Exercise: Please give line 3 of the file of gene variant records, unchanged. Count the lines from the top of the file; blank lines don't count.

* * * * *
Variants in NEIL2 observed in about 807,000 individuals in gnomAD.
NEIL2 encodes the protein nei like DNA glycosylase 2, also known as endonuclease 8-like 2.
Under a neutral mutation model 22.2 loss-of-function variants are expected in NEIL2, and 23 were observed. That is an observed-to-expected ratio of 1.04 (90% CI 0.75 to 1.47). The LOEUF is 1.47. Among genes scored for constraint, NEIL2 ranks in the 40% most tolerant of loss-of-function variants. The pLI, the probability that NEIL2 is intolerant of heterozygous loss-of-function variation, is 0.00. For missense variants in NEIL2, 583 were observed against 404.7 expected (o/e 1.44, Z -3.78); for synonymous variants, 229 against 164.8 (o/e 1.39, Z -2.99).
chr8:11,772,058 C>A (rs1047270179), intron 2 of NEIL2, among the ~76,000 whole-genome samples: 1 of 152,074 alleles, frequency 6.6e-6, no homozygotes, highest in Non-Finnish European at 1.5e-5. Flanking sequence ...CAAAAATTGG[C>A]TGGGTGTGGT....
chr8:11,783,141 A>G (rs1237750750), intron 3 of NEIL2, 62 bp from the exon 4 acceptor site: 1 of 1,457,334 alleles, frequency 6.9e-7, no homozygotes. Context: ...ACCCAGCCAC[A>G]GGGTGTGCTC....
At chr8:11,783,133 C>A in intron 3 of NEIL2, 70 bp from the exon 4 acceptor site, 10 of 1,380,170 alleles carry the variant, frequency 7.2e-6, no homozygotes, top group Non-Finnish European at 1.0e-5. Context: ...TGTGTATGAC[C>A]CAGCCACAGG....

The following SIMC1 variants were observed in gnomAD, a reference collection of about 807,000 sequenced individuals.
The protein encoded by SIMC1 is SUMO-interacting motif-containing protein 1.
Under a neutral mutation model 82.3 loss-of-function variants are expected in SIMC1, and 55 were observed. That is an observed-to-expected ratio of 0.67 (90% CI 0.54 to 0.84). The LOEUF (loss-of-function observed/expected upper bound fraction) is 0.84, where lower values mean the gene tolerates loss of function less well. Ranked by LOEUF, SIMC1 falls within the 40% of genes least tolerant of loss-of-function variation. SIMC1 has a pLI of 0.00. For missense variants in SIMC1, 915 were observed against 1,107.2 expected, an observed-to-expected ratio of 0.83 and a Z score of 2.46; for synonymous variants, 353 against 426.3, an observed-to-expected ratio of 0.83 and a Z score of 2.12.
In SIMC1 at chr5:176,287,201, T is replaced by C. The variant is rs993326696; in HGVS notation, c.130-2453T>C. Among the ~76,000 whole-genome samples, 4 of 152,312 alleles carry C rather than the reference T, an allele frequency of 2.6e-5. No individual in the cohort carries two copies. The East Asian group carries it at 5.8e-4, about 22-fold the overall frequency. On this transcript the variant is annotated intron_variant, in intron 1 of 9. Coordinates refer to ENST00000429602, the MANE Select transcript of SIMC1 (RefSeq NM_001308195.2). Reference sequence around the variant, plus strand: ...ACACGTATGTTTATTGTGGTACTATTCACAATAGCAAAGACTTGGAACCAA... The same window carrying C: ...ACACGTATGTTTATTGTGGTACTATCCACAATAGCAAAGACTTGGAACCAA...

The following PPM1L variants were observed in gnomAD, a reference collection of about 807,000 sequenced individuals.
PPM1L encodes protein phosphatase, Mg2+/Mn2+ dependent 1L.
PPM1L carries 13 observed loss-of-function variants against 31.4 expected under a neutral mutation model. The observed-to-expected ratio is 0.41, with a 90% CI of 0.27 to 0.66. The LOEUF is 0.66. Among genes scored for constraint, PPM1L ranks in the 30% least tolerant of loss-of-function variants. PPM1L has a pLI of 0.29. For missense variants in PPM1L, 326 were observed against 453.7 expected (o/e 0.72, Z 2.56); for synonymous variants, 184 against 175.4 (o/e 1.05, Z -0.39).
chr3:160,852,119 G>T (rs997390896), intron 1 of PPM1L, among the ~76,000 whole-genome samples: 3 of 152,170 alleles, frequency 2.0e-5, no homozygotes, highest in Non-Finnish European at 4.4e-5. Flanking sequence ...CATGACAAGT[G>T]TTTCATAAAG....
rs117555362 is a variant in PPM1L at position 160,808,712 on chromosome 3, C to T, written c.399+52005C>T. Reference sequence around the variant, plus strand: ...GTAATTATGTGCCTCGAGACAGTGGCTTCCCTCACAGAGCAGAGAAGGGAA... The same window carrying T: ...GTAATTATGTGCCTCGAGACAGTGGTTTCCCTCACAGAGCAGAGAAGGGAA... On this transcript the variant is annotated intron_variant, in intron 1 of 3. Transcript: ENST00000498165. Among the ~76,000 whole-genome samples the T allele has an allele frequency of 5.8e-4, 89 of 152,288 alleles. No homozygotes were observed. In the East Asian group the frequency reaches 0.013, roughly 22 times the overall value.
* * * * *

Under a neutral mutation model 22.2 loss-of-function variants are expected in NEIL2, and 23 were observed. That is an observed-to-expected ratio of 1.04 (90% CI 0.75 to 1.47). The LOEUF is 1.47. Among genes scored for constraint, NEIL2 ranks in the 40% most tolerant of loss-of-function variants. The pLI, the probability that NEIL2 is intolerant of heterozygous loss-of-function variation, is 0.00. For missense variants in NEIL2, 583 were observed against 404.7 expected (o/e 1.44, Z -3.78); for synonymous variants, 229 against 164.8 (o/e 1.39, Z -2.99).